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The Danish Royal Academy of Fine Arts

Copenhagen, Denmark


Tutor: Christoffer Harlang

Which institution do you teach at?

Royal Danish Academy of Fine Arts School of Architecture in Copenhagen, Denmark

How many students do you have?


What level are your students at?


When did you start teaching there?

Tutor from 1986. Became professor in 2009 and started Transformation Masters Programme in 2010

What qualities or attributes do you want your architecture students to emerge with?

I believe there are two overriding aspects to the work of an architect and that is what I wish to impart to my students. First, I want my students to realise that all excellent architecture is based on sympathetic insight: insight into use and context, and insight into what it takes for architecture to support the individual human experience of belonging to the world. This requires a good pair of eyes and an open heart. The second aspect, with which I set out to equip my students, is what is known as ‘design competence’. This refers to the capacity to design with a sense of sensitive security: in the scales of 1:500, 1:50 and 1:1. That is something they can practise.

How and what do you teach your students?

I teach them everything I know. Maybe that does not sound like very much. But I try to teach my students a method based on acquainting themselves thoroughly with the contexts, out of which their architecture grows, and hence how they are changed by them. This method always involves three aspects of the world around us: the technical, the historical and the phenomenological. I want to teach students to move within a dynamic structure, in which these aspects prevail. That means I require insight into, and mastery of technique, knowledge of history and a phenomenological sensitivity. No more and no less.

What tools, techniques, or methods do you use in your teaching?

A couple of years ago I had the great fortune to work with Robert Wilson at Watermill in the United States. Part of the agenda was to create a theatrical performance on the subject of the life of Arne Jacobsen. Wilson taught me that we can perceive and express our visible world by deploying the same genre-based perspectives on which European painting is based: landscape, still life and portrait. I have pilfered that method, so all my students now apply it to all their assignments. This trains them constantly to take into account what context they are dealing with, and accustoms them to balance proximity with distance: the big within the little, and vice versa.

I do my utmost to articulate what I believe architectural quality to be; we work on the basis of very clear methodological concepts; and we demand that everything, EVERYTHING, the draught of all of the work they submit, be in accordance with excellent graphic standards.

One of the seminal ideas which has led to the success of our teaching is the fact that we have created an academic environment, in which teaching and research are totally integrated. Everyone works on the same themes and according to the same methods.

How does your approach to teaching sit within the ethos of the institution?

It would seem that our method and techniques are considered extremely rigid. But I believe that our students find them very liberating, something that inspires them to enhance their own individuality. I believe that they represent a concrete and broader interpretation of the distinguished Beaux-Arts tradition, which the Royal Academy represents. We are literally transforming tradition.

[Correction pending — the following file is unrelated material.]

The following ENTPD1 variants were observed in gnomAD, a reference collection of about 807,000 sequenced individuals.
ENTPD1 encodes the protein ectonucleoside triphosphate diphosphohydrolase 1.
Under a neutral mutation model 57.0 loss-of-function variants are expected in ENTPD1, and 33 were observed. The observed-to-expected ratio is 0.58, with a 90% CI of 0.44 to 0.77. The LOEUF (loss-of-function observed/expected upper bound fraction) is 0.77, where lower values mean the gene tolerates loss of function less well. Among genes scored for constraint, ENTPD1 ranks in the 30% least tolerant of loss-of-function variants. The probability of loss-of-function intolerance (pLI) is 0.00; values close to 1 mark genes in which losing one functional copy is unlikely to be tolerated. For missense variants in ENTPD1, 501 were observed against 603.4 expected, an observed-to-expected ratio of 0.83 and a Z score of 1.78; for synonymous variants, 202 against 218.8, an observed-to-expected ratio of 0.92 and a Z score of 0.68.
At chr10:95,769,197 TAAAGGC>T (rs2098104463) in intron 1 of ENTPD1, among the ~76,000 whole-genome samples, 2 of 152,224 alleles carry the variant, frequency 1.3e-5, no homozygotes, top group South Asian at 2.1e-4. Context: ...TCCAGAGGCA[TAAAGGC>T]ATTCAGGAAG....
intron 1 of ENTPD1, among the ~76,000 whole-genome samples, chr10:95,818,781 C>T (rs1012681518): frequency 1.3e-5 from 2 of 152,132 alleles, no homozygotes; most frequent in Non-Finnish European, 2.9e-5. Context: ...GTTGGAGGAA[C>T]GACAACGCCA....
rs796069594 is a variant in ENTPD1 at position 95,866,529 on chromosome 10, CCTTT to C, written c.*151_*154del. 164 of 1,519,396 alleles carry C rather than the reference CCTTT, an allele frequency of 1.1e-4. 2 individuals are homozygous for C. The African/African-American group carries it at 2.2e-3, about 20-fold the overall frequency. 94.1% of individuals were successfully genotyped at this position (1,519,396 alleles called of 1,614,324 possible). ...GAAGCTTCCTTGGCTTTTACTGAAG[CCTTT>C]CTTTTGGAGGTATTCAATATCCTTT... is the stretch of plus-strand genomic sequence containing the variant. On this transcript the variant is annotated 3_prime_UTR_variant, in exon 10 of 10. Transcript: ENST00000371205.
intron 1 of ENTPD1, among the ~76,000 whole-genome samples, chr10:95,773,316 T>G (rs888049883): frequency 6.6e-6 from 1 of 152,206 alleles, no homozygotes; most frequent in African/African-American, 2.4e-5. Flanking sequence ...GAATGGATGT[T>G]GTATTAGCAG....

Does your approach sit within a wider school of thought?

The funny thing is that the integration of research and education is not something we invented. It was exactly what Kaare Klint and Kay Fisker did in the 1930s, when they created the department of furniture and the housing laboratory in the Royal Academy. And there is little doubt that this had an unambiguous impact on the design of furniture and housing in Denmark.

Is this a local school of thought or a national ethos; continental or global?                                                              

What we do must be totally relevant to anyone who wishes to practise culturally based architecture. So we have a strong link with inspiring environments: particularly in England and Switzerland, where we share our fascination with the reciprocity between cultural creation and cultural preservation with talented colleagues at ETH and the London Metropolitan University.

Has your approach changed or evolved since you started teaching? If so, how and why?

Yes. It evolves all the time. It has to. Because the conditions that determine the practice of architecture are evolving radically. In my department all the teachers are practising architects, and we make a conscious effort to ensure that the practical projects we work on are both relevant and typical, in terms of what the students will experience, when they graduate: in architecture practices, administrative departments and other areas of the architectural sector. But the fundamental approach to the essence of the subject has remained constant throughout all the years that I have been involved: that an architect is shaped out of mental empathy and technical mastery.

How were you yourself taught? And by whom?

I studied at the Royal Academy under professor Erik Christian Sørensen, and in the mid-1980s I studied with Mohsen Mostafavi at the AA.

How does the way you teach today relate to how you were taught then?                                                                            

I am indebted to Sørensen, who was a great source of inspiration. He still is. Not a day goes by without some kind of reference to his teaching and to the culture of architecture that he embodied. My time at the AA is also of great importance for me and I am sure that, were it not for friends such as Elizabeth and Brian Henderson, I would not be where I am today.